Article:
Throat-Singers Can Sing Two Notes At Once
Throat-singing, also called overtone singing, has been practiced by several cultures throughout history. Tuvan throat singing, originating from a region of Russia near Mongolia, is perhaps the best known version, and incorporates circular breathing so that singers can hold notes for an impressively long time. Inuit women also practiced throat-singing in groups, and the tradition is currently being revived.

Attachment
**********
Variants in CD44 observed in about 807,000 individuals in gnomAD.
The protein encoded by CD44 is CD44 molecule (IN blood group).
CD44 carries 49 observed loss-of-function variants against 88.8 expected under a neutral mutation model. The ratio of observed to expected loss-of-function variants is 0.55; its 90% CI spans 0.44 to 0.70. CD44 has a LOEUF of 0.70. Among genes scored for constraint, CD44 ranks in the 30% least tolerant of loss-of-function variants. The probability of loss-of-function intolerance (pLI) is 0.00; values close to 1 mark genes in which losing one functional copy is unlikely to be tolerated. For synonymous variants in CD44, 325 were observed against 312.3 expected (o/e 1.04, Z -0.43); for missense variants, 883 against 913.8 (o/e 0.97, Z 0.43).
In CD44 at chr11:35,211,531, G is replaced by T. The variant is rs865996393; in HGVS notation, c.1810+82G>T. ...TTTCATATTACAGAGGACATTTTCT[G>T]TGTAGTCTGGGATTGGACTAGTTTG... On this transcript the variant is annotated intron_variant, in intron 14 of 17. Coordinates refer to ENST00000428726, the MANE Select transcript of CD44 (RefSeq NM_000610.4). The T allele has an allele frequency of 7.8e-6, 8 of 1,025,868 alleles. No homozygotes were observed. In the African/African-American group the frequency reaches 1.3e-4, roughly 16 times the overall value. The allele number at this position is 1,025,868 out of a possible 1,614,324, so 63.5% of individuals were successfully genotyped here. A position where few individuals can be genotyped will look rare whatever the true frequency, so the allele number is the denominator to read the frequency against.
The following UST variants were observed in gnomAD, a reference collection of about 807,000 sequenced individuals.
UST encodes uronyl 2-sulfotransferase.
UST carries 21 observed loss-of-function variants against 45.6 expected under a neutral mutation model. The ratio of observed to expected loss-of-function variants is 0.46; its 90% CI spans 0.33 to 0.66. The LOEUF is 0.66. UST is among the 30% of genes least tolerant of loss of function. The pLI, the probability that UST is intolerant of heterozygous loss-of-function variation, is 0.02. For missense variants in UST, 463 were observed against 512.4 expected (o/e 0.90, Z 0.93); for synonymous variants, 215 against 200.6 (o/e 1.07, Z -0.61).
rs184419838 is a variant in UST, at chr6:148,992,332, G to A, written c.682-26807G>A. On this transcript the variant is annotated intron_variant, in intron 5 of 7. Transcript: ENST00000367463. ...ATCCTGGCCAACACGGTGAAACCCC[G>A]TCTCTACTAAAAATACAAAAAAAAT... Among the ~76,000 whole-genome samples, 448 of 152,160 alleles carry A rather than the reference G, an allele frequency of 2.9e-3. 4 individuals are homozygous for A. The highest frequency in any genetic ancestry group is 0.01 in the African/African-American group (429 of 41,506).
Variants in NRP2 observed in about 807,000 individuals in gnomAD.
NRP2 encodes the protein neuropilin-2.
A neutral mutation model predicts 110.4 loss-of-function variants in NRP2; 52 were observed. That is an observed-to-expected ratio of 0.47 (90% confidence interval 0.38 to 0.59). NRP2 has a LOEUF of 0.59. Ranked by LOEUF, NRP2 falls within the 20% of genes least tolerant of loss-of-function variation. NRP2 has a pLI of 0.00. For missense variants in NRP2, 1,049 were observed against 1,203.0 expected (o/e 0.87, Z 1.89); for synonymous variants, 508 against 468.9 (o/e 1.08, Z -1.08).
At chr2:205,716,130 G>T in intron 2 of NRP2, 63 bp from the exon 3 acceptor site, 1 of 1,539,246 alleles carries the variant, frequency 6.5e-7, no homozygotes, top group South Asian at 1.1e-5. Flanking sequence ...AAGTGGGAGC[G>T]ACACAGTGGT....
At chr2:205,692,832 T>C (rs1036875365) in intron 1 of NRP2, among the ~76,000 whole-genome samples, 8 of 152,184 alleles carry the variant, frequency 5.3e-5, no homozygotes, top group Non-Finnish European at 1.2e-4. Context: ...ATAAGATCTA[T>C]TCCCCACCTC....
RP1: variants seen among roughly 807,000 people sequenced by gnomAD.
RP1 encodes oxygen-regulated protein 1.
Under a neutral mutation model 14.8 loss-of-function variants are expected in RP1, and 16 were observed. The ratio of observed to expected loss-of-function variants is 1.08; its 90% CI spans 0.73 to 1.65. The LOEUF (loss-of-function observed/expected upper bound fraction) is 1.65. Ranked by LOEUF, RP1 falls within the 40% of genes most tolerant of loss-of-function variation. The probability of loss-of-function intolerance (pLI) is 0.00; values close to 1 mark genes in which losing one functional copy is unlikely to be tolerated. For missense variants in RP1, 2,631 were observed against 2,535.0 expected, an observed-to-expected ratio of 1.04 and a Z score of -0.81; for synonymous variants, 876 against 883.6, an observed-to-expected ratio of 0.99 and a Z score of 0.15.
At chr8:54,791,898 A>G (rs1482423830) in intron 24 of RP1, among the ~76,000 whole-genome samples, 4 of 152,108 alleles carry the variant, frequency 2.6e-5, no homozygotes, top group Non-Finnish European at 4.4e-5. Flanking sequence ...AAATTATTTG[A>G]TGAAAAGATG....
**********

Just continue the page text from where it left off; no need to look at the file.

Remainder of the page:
Key Facts In This Video
Our speaking voices don't have one fundamental tone. (0:00)
The technique of two cavities splits the mouth cavity into two parts using the tongue. (2:02)
Hear an example of Tuvan throat-singing: (2:28)